‘Micmacs’ Review: A Poetic Cinematic Circus

In the world of cinema no filmmaker’s work is as instantly recognizable than that of Jean-Pierre Jeunet. His first feature, Delicatessen, which he co-directed with illustrator Marc Caro almost twenty years ago, is still a visual masterpiece that took pieces of Terry Gilliam, Tim Burton, and a sense of twisted fairy tale whimsy and wrapped them up into something entirely unique. His latest work is , Micmacs à Tire-Larigot, (just Micmacs over here) a piece of poetry masquerading as cinema, accomplishes the same heights, but he peppers a little politics into each stanza.

The film follows Bazil, a Chaplin-esque tramp who was orphaned when his father was killed in Morocco by a landmine manufactured by a French arms company. Bazil grows up to be a lonely night clerk at a video store who spends his time watching and reciting the lines of The Big Sleep. One night, outside the store, Bazil witnesses a dramatic chase sequence that seems to have come to life from the movies he loves. As the first bullet breaks the window and embed itself in a DVD strangely entitled Micmacs à Tire-Larigot (look for other instances of this throughout the picture). The next stray bullet finds its way into Bazil’s “brainbox,” as one character refers to his head.

Upon getting out the hospital, bullet still lodged in his head, Bazil finds himself homeless, jobless, and penniless. He finds change as a street performer doing everything from dancing like a robot in front of a café to clandestinely lip-syncing to another street performer’s songs. All of these magnificent scenes are portrayed with such humility and pathos by French star of the screen and stage, Dany Boon. Boon brings so much humanity to Bazil that every scene has the chance to break your heart, and fill it with joy all at once.

The role of Bazil, originally written for French-Algerian entertainer Jamal Debouzze, was redrafted for Boon after the former bowed out of the film. Initially hesitant to take on a role conceived for someone else we, as an audience, are lucky he came around. His gentle face and amazing comic body language elevate the picture much in the same way that Audrey Tautou did for Jeunet’s Amélie.

As luck would have it Bazil is adopted by a group of society’s outcasts who live in a cavernous domicile at the dump built into the side of a scrap pile. This eclectic band of misfits fix things that others throw away, essentially eco-minded recycling junkies. As Bazil is folded into the mix he finds that the two companies responsible the landmine that killed his father, and the bullet still in his grey matter are housed right across the street from each other.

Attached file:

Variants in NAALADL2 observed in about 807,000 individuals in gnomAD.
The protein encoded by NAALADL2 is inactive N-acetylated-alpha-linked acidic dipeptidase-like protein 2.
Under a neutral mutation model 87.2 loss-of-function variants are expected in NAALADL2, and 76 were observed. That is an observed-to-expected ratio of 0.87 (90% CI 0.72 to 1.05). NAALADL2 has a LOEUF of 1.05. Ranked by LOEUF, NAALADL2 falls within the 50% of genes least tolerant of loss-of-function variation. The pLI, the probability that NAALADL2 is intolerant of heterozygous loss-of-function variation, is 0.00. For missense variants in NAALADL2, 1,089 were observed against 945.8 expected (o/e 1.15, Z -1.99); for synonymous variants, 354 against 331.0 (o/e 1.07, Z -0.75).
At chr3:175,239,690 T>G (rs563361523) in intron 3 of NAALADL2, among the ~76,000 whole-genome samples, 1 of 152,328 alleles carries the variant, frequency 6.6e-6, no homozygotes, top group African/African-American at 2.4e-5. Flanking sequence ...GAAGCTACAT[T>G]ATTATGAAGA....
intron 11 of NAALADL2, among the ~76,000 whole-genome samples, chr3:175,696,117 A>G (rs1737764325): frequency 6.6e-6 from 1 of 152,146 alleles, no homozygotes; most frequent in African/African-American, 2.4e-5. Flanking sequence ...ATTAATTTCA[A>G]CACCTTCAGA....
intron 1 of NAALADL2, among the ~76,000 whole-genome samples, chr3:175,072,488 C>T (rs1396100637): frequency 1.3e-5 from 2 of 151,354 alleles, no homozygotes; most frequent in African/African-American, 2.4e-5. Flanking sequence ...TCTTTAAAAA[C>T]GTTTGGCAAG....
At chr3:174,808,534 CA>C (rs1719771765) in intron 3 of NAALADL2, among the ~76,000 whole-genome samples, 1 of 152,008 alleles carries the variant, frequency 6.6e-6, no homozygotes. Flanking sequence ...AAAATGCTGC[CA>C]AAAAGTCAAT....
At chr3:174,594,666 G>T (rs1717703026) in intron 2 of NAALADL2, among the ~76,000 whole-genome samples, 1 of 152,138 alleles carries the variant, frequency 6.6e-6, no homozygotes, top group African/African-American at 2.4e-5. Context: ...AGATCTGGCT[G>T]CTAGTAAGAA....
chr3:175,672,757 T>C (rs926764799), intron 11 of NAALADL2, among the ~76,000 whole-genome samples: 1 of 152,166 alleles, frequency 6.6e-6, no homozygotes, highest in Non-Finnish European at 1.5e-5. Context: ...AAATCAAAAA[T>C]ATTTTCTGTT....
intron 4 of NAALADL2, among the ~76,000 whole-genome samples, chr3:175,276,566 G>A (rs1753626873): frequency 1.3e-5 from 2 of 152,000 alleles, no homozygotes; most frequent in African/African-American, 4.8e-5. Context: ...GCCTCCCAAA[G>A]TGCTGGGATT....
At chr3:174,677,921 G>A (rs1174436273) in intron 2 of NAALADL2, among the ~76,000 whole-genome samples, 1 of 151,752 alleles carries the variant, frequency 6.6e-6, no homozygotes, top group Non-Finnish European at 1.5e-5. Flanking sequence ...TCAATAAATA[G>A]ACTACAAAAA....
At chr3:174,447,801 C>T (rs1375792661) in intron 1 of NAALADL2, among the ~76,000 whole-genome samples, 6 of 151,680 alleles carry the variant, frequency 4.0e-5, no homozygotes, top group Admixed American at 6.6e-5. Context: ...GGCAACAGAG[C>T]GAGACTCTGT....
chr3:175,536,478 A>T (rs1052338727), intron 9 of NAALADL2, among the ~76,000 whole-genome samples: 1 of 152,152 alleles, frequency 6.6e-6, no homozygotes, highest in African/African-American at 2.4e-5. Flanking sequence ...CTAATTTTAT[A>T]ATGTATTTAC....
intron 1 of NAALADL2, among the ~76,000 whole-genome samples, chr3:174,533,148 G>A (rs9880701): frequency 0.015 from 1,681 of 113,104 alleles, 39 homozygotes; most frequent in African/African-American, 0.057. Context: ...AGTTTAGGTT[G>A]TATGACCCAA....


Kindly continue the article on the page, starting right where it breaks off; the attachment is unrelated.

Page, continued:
Laying blame for the events that shaped his life, not with the perpetrators of the violence, but with the makers of the tools of violence, Bazil vows to bring down these giants of the war industry, and each of his newfound family play a part. Slammer (Jean-Pierre Merielle), Mama Chow (Yolande Moreau),Buster (Dominque Pinon), Remmington (Omar Sy), Calculator (Marie-Julie Baup), Tiny Pete (Michel Crémades), and Elastic Girl (Julie Ferrier) each have their talents, but the most impressive are Buster, who once broke the world record for the longest human cannonball shot, and Elastic Girl, the resident contortionist. Like a modern Sergio Leone film, Bazil and this bizarre corruption of the seven dwarfs contrive plans to set the two owners of the arms companies, played by André Dusollier and Nicolas Marié, against each other.

The plans become increasingly elaborate, and as such, more and more fun to watch. Most include Elastic Girl folded up inside a cardboard box, putting her in ever increasing danger making Bazil worry about her, and revealing his feelings for the pretzely heroine.

Each frame is filled with a warm love that comes from DP Tetsua Negata’s lush photography, and from Aline Bonetto’s detailed production design. The junk yard cavern is brilliantly constructed, if not somewhat reminiscent of Emir Kusturica’s Underground, but the truly magical set pieces are those featuring the mechanical sculptures made by Tiny Pete, creations of real-life Parisian artist Gilbert Peyre. Their scrap metal circus quality folds into the Jeunet aesthetic better than any other piece of the film.

But in the end it is all about the wonderful, strange characters that screenwriters Jeunet and Guillaume Laurant have created; a world similar to ours, just a lot more special. Their obvious political agenda is to rail against an industry the seeks to profit from mankind’s destructive nature, thus making the film a commentary on war profiteering, and capitalism in general, but it all takes a back seat the to comic fun Jeunet puts onscreen. Each scheme the group engages in is designed to put a smile on your face, or elicit a tear from your eye. Toward the heavy handed end they attempt to shove the moral of the story down the audience’s throat making the finale slightly less satisfying than it could have been; a minor criticism in an otherwise spectacularly choreographed circus of wonder.

El Luchador Rating: 5 out of 5 5 out of 5

Review By: Paul S. Myers (a.k.a. El Luchador)